5 Step Project Management Checklist to Hit Deadlines


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Kicking off a project is no easy task, and with so many moving parts, people, and stacks of paperwork to manage, adding another document to your pile might sound unappealing. Believe it or not, adding a project management checklist to your toolbox can help you minimize your workload while staying on top of essential components. 

Read on to learn more about the importance of a project management checklist and why you should consider one for your team’s next project.

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Project Management Checklist Basics

A project management checklist is a document that helps project managers and team members keep track of essential project obligations, milestones, deadlines, tasks, goals, and more to stay organized and track project progress. 

Compared to other project management tools and documents, the project management checklist is much less rigid. Project teams can use checklists to manage team obligations as a whole or break them down for each person’s individual needs, making them highly customizable. For example, a project manager might choose to have a project management checklist for their team and for their own obligations and tasks.

Read more: What is Project Management? Definition, Types & Examples

Projects are complex collections of tasks, and even in Agile teams, projects require a lot of fine details like documentation and managing communication between stakeholders. Managing, executing, and successfully completing a project is no easy task.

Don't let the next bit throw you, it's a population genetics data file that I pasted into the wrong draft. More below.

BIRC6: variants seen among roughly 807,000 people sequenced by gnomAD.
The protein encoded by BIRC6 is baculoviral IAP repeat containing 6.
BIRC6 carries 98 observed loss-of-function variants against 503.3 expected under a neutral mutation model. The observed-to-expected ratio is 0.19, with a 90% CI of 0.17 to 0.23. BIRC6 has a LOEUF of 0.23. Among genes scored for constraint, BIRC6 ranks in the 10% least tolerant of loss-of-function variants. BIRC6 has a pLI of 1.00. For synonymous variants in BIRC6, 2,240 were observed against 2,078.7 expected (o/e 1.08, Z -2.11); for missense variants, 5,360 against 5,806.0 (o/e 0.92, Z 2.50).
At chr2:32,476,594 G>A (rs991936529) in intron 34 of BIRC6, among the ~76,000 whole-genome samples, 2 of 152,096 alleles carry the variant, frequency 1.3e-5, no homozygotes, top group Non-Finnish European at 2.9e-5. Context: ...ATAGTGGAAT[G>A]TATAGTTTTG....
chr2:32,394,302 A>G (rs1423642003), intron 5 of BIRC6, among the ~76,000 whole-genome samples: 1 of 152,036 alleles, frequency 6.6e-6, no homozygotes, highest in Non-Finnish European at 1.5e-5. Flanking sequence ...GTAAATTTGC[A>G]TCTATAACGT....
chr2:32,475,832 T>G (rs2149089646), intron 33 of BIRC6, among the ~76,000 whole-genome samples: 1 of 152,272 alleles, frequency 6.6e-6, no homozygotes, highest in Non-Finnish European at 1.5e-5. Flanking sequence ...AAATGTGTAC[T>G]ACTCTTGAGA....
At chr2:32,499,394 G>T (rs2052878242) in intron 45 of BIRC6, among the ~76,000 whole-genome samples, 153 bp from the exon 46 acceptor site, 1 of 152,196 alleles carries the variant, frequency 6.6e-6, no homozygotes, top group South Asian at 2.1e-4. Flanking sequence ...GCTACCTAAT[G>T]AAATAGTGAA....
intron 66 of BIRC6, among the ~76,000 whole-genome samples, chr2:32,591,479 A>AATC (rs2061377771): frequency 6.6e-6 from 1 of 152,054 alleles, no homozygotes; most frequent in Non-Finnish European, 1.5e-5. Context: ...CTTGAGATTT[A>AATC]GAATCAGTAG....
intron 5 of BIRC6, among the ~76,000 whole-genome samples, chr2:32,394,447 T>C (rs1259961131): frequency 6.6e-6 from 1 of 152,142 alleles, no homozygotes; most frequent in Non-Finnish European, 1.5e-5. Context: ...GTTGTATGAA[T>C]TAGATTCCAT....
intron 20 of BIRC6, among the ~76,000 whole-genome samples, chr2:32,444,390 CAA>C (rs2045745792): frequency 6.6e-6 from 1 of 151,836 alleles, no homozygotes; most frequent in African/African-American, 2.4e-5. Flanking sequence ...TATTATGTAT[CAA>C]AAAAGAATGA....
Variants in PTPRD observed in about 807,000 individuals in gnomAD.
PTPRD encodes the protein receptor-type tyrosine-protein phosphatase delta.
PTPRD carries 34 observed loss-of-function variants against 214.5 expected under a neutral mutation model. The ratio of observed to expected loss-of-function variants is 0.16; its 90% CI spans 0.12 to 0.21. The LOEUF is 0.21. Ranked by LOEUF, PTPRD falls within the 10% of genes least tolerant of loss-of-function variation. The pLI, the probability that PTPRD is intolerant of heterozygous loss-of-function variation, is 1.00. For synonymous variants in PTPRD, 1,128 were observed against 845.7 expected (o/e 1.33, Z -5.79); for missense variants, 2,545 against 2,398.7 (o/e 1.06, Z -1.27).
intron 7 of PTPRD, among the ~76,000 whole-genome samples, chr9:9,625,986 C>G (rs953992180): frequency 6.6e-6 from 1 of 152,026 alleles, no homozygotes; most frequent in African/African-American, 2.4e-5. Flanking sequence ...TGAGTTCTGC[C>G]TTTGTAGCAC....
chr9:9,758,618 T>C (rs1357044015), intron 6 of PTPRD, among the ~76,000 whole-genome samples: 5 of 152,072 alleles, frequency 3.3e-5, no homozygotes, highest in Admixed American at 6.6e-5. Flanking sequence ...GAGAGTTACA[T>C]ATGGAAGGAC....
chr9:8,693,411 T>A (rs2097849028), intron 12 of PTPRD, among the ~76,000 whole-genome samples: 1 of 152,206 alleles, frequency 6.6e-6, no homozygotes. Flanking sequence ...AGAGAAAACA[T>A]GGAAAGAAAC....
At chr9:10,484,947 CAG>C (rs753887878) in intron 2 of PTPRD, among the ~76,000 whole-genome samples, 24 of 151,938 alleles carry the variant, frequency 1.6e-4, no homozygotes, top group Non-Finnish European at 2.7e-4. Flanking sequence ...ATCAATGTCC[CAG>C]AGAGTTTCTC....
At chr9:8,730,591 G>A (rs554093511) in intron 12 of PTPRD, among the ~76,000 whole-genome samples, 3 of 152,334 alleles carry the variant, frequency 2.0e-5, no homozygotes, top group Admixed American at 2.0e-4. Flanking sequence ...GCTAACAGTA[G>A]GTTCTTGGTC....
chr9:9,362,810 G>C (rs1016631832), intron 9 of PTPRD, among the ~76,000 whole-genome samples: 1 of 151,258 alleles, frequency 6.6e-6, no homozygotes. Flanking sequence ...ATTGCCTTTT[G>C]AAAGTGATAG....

In short, project management checklists make it easier to manage the day-to-day responsibilities of running a successful project while keeping the essentials you need most closely accessible.

Project management checklists are incredibly flexible because they exist to serve you and your team’s unique needs – and no one else. You should feel free to design and use project checklists as you see fit, whether that’s using them at a team level, individually, or even creating multiple checklists to use during different phases of your project. 

Checklists can also exist digitally or in physical form, from mini Post-It note checklists to spreadsheet trackers and more. Some teams choose to enmesh their checklists within a project management solution, as many tools, such as Todoist for example, allow users to create individual or team to-do lists in combination with standard features.

Read more: Our Top 10 Project Management Software Picks

Components of a Checklist for Project Management by Project Phase

While project management checklists are designed to be customizable, the most common use case is to track essential tasks throughout project phases. 

1. Project initiation phase

This is a time to establish a vision of what the project should look like, including scope, goals, deliverables, and more. While the details don’t need to be incredibly specific at this phase of the project, at a minimum, stakeholders will require enough information about the project to clearly define a business case and approve it. 

Some project components you could add to your checklist during this phase include:

  • Project proposal
  • Kick-off meeting
  • List of project management solutions to employ
  • Communication channels

2. Project planning phase